With the enactment of the Food Safety Modernization Act (FSMA), the industry is experiencing the effects of a major regulatory shift that emphasizes preventing food contamination rather than responding to it. Processors must meet mandatory preventative controls to be in compliance with FSMA, and many see X-ray equipment as a key part of a facility’s food safety plan.
“The Food Safety Modernization Act requires companies to enhance their food safety plans with tighter controls and recordkeeping in the event of an audit or recall,” says Bob Reis, lead product manager of metal detection and X-ray inspection for Thermo Fisher Scientific. “This is why X-ray is being adopted more frequently—typically at the end of the line.”
It is important to note that the wording of FSMA does not specifically require processors to have X-ray machines. However, the section of the act commonly referred to as “preventative controls” states action to eliminate or significantly reduce hazards must be taken and documented.
“FSMA requires food and beverage manufacturers to ensure their products are free of biological and chemical contamination, and physical contamination from, for example, metal fragments or stones,” says Kim Susor, marketing manager of Mettler-Toledo Safeline. “X-ray systems can support manufacturers in adhering to the principles of Hazard Analysis and Critical Control Points [HACCP].”
In addition, retailers are creating strict standards regarding contamination detection and putting more pressure on the food and beverage manufacturing industry to adopt product inspection equipment. “Walmart, for example, requires all suppliers to achieve Global Food Safety Initiative [GFSI] certification, a condition of which is the implementation of measures to minimize the risk of foreign body contamination,” observes Christy Draus, marketing manager for Eagle Product Inspection.
If major retailers aren’t openly requiring processors to use X-ray equipment, they are strongly suggesting it. “Manufacturers and their customers have increasingly sought more efficient inspection equipment to handle faster production line speeds and higher levels of inspection sensitivity, accuracy, reliability and even traceability,” says Todd Grube, manager of inspection systems for Heat and Control, Inc.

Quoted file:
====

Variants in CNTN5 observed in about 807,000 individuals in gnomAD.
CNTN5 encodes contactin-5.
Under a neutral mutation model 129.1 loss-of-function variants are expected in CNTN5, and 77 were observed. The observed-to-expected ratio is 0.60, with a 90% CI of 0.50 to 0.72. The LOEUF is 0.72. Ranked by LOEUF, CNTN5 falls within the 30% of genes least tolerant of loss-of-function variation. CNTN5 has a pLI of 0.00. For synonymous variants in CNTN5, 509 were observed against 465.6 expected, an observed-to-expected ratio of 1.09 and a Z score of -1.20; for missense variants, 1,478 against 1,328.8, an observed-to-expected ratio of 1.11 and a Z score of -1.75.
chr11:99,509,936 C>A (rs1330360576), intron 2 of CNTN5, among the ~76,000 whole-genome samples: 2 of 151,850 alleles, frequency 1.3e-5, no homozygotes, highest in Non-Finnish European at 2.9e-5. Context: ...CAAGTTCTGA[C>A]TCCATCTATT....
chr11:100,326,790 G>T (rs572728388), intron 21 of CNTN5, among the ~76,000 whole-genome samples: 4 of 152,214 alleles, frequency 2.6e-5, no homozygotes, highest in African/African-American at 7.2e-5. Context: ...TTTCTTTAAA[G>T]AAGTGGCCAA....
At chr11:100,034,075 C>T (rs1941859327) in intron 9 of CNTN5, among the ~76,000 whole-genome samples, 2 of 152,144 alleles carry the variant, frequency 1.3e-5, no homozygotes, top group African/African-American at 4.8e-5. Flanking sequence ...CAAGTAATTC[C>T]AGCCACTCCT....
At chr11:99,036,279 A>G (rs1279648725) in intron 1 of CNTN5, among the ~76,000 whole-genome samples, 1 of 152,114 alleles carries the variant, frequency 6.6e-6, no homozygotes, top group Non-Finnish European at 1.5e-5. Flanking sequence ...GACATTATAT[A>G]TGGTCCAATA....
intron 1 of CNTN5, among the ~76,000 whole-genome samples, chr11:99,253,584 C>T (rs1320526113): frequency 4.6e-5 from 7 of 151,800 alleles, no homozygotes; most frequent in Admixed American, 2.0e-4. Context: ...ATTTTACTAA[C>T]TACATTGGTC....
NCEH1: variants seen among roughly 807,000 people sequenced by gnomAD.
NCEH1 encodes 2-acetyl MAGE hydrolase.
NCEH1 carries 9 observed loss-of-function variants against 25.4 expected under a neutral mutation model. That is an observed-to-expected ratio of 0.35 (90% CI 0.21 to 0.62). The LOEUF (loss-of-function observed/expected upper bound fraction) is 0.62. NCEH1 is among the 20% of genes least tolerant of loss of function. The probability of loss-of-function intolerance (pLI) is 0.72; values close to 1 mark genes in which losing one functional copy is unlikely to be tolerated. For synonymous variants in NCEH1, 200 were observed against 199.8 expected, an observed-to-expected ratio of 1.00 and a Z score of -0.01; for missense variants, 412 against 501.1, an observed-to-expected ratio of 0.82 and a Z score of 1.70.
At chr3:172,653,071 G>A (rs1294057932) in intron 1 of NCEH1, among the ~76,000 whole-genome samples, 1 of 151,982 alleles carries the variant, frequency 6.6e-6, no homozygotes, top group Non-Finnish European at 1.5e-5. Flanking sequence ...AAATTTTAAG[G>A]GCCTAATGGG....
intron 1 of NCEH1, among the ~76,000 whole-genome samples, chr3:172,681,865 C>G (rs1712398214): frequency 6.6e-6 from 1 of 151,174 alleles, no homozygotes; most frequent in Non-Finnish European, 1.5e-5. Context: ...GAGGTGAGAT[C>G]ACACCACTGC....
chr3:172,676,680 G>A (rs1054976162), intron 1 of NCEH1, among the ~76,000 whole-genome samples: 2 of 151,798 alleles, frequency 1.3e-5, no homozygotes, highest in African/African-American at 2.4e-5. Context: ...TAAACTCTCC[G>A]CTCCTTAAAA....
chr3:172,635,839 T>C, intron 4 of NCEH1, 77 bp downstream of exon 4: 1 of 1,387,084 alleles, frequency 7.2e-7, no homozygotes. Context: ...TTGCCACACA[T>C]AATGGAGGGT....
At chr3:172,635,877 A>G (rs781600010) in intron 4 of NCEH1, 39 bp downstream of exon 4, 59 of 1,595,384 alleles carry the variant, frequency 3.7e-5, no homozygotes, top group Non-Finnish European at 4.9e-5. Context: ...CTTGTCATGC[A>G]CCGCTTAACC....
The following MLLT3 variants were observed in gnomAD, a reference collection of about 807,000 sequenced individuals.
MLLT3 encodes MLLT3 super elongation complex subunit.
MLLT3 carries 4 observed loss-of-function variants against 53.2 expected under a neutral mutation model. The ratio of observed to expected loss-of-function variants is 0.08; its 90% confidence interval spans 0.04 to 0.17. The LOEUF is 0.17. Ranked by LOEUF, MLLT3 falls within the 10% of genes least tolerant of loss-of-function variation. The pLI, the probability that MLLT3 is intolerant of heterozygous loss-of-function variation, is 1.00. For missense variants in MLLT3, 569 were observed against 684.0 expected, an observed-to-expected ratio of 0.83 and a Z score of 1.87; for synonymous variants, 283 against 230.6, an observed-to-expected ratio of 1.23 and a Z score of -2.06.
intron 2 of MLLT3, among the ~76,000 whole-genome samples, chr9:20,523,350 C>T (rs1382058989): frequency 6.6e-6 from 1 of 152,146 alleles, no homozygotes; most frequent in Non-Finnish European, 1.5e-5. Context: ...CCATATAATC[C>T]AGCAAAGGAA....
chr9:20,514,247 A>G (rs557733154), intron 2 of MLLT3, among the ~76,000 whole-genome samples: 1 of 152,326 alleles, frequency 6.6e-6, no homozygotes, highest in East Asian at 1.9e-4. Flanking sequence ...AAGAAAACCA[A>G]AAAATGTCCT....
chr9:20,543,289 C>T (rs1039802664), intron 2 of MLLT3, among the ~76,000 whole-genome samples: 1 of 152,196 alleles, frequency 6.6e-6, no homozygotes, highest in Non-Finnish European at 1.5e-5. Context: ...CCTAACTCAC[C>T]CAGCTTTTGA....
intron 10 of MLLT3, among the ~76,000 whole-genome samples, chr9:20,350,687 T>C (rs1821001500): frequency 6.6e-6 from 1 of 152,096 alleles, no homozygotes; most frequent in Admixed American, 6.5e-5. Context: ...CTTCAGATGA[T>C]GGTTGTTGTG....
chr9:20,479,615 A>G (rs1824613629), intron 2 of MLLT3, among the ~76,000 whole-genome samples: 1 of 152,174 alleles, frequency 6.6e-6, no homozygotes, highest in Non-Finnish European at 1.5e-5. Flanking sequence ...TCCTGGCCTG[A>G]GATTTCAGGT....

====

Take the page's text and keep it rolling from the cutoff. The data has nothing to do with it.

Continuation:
Product packaging changes may also spur a processor to make the switch from metal detection to X-ray systems. For instance, David DiPrato, CEO of Novus X-Ray based in Blue Bell, PA, recalls when a local pie company that produced its product in a paper-based package wanted to automate its production line and found it needed to switch to foil pans for the extra support.
“The company realized the metal detector it had used for years wouldn’t meet its inspection requirements,” he says. DiPrato adds that packaging technology is increasingly using metalized packaging, generally foil, which creates interference in metal detectors, but not X-ray systems, giving them a major advantage.
“Another reason for using X-ray technology is the ‘product effect’ problem metal detection has,” he says. “If the production line is running at full speed with no problems, the temperature of the product stays consistent. But if the line stalls and the product cools or warms up, especially causing a state change, such as frozen into liquid, there’s a large difference in the conductivity, which is the scientific principle metal detectors work on.” However, product temperature makes no difference with X-ray technology.
With X-ray equipment’s growing capabilities, processors are showing more interest in using it to help uphold product quality and safety, as well as brand integrity. Antoine Dodier, general manager of Loma Systems’ Canadian office, says during PACK EXPO East, at least half the company’s booth visitors had questions about X-ray equipment. “Although metal detectors are very efficient in many cases, X-ray technology is probably the most advanced method in terms of finding the smallest contaminants,” he says.
Plus, X-rays can detect a larger variety of materials such as glass, high-density plastic, rubber or even bones and stones. “X-ray inspection is now more frequently used because it combines the functions of metal detection and checkweighing with the detection of non-metallic foreign objects in a relatively small footprint,” says Grube.